The classic Happy Jump photo
View over Udaipur
View over Udaipur



Sunday, day 10 – The Jain Temple in Ranakpur and the dance performance


Our second day in beautiful Udaipur began with an early breakfast at one of the neighbourhood cafés, before we jumped into a car destined to drive us to Ranakpur where we wished to see the famous Jain temple. Since the car’s AC made the sound of a cat clawing itself to death, the two-hour drive was less than peaceful, but nevertheless we made it to our destination.

Yaaaay, such noise!
Yaaaay, such noise!

The temple itself was breathtaking, with marble pillars and amazingly detailed carvings everywhere. But while it is important to respect religions  – especially if you travel to their temples at own will – we had some issues with the general attitude towards visitors. The fact that you need to cover yourself up and that certain parts of the temple are open solely for Jainists is to be expected; the fact that you cannot enter the building while menstruating is not. I know that this is not uncommon within certain religions, and in some ways it is impressive that they manage to keep things just as they were several hundred years ago. But we felt a bit out of place, and I personally felt like an intruder. But it was an incredibly beautiful place nevertheless.



After a bumpy and slightly terrifying ride back to Udaipur (we were driving around in the mountains on thin roads with barely anything between the car and the abyss) we grabbed lunch and went for a stroll before experiencing an amazing Rajasthani dance performance. The dance, which took place outside, included great amounts of twirling, drumming, singing and puppet dancing. One woman in particular stood out and did several difficult “tricks” while carrying an increasing amount of pots on her head. To be honest, it was slightly painful to watch – we could tell that she was struggling with the act, beautiful though it was.

Dancing puppet picking up some tip
Dancing puppet picking up some tip
Rajasthani dance
She initially came out with two pots on her head
She initially came out with two pots on her head and left with a few more than this picture shows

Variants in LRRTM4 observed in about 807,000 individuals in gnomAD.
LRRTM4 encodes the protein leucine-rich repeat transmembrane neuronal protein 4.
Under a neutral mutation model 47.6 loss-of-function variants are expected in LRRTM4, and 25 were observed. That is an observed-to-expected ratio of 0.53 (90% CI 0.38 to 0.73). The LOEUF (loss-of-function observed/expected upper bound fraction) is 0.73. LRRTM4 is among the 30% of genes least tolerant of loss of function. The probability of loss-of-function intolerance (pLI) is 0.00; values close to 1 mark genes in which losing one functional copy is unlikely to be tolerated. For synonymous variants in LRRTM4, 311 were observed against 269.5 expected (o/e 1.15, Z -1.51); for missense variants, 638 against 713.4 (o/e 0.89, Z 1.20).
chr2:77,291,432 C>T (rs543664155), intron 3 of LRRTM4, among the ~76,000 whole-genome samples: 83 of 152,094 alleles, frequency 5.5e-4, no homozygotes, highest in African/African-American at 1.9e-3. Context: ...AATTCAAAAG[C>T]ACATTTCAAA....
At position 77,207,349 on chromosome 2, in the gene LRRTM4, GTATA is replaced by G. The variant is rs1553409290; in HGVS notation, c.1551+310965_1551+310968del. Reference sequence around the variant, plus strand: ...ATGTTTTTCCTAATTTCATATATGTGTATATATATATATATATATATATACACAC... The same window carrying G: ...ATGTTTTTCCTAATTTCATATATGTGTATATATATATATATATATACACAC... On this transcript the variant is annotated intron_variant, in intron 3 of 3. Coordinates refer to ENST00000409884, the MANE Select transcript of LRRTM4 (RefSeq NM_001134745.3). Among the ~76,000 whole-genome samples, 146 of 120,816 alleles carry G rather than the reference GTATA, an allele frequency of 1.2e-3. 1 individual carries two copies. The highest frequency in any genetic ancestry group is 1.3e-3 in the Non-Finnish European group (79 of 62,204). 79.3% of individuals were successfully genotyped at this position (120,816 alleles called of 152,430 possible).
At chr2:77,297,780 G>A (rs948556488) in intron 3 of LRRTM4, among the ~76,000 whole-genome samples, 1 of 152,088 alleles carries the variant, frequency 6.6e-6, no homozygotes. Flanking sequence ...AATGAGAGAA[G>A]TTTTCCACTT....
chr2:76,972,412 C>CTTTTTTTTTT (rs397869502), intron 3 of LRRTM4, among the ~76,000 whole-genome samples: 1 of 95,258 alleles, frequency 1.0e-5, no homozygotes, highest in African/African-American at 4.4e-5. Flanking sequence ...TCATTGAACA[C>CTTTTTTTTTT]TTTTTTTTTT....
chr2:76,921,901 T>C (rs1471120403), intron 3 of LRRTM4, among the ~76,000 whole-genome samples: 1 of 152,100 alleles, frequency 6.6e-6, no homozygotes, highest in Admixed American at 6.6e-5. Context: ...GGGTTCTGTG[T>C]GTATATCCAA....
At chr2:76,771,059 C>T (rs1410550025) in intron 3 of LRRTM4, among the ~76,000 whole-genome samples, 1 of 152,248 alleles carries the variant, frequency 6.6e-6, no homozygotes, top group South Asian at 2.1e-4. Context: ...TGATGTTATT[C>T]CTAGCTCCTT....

The night ended with some waterpipe smoking (“Shishah”). My references in regards to this activity were previously all from Teheran, where one in a certain part of town can find a mountainesque area with several little cafés that all serve chai alongside the shishah. People sit on Persian rugs, lean back against the tall pillows on the floor, listen to some traditional Iranian music and just have an incredibly serene time.

The joint we went to, however, completely changed my perception of what waterpipe smoking can be like. It was a balcony-type room with blue neon lights, black walls, an enormous poster of a hard rocking Ganesha, an aquarium in the middle of the room and planet stickers all over the ceiling. The chai was replaced by beer and the entire scene felt very high – which, if the readers are interested, seems to be the general vibe in Udaipur. People here are incredibly chill; even the shop owners who call after us don’t seem too stressed out. We even got a confession from one of the Rickshaw drivers, who apparently smokes marijuana every day.

All in all, it was an eventful and fun Sunday. Udaipur is absolutely lovely, and even though I myself grew to like Mumbai quite a lot before we left, it seems as though the group in general prefers Udaipur to Mumbai. I have to admit that it is wonderful to be rid of the insane humidity.

We have barely a week left to go here in India. More posts are promised, so stay tuned!